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Arkansas producers play waiting game with weatherArkansas producers play waiting game with weather

Counties along the Mississippi River preparing for another round of flooding.Cross County growers about a month behind in rice.Lonoke County planting grinds to a halt.

April 26, 2011

2 Min Read

Arkansas growers trying to finish spring planting will be playing a waiting game amid forecasts for flooding in the coming weeks.

“Just when you thought high commodity prices were going to give farmers a break, Mother Nature steps in,” said Rick Wimberley, Cross County Extension staff chair for the University of Arkansas Division of Agriculture. “We only have about a third of the rice in the ground. Anticipated rainfall will put us about a month behind in rice planting.”

To the south and east, counties along the Mississippi have already had a taste of high water and are bracing for more.

“A couple of weeks ago the Mississippi River at Helena crested at 44 feet-plus, and the forecast is for it to go to 51 feet-plus,” said Robert Goodson, Phillips County Extension agent. “Flood stage is 44 feet.”

That’s bad news for growers up river.

“When the Mississippi backs up, then the St. Francis backs up and the L’Anguille backs up,” Goodson said.

“The St. Francis Floodway is forecast to reach ‘catastrophic’ levels,” Wimberley said. “Crops planted in the floodway are predicted to be under water for two weeks. To say the least, farmers here are not very cheerful right now.”

There isn’t much producers can do to prepare, other than move livestock and farm equipment to higher ground.

“For those with land on the backside of the levee, their only option is time,” Goodson said.

Just weeks ago, some growers were wondering if they’d get enough moisture to plant.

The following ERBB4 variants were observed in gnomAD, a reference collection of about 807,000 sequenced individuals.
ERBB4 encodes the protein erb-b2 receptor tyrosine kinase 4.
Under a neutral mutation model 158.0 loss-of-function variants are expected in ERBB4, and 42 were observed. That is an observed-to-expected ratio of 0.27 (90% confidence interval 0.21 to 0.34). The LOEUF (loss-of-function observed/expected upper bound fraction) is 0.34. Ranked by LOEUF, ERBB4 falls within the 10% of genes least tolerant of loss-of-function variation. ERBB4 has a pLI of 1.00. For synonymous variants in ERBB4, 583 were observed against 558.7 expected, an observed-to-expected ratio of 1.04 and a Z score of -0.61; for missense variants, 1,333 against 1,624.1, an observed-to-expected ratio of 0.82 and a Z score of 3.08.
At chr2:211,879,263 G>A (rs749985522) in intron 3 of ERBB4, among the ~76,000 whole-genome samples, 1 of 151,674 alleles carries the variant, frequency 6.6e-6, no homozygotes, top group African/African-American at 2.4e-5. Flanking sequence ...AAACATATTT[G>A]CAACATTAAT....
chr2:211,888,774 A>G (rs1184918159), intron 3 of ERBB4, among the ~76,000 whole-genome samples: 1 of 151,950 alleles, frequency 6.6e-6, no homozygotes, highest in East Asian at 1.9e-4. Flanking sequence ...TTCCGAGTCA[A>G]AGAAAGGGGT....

“My dad would always say ‘it’s either too wet or too dry -- it's impossible to please the frogs and scorpions at the same time,” said Lonoke County Extension agent Keith Perkins, whose county is just east of Little Rock.

“All planting has come to a grinding halt except some acres of rice that are water seeded. Since rice is an aquatic plant, most acres that were planted will survive without many problems.

“Corn and soybeans do not like wet feet and will not survive standing water for very long. It will be a field-by-field decision once water has receded.”

According to the crop report issued Monday by the National Agricultural Statistics Service, corn was 86 percent planted, up from 78 percent last week.

Cotton is at a crawl with 5 percent planted, up from just 2 percent last week and well off the 14 percent five-year average.

Rice was 54 percent planted, up from last week’s 45 percent and behind the 51 percent five-year average.

Soybeans were 14 percent planted, on par with the 15 percent five-year average.

Winter wheat was 76 percent headed, better than the 59 percent five-year average. High winds over the last few weeks flattened some wheat in Lonoke and Lafayette counties.

National Weather Service flood maps and forecasts are available at http://www.srh.noaa.gov/lmrfc/?n=lmrfctributaryforecastsandhydrographs and

For more information about crop production, contact your county Extension office or visit www.uaex.edu.

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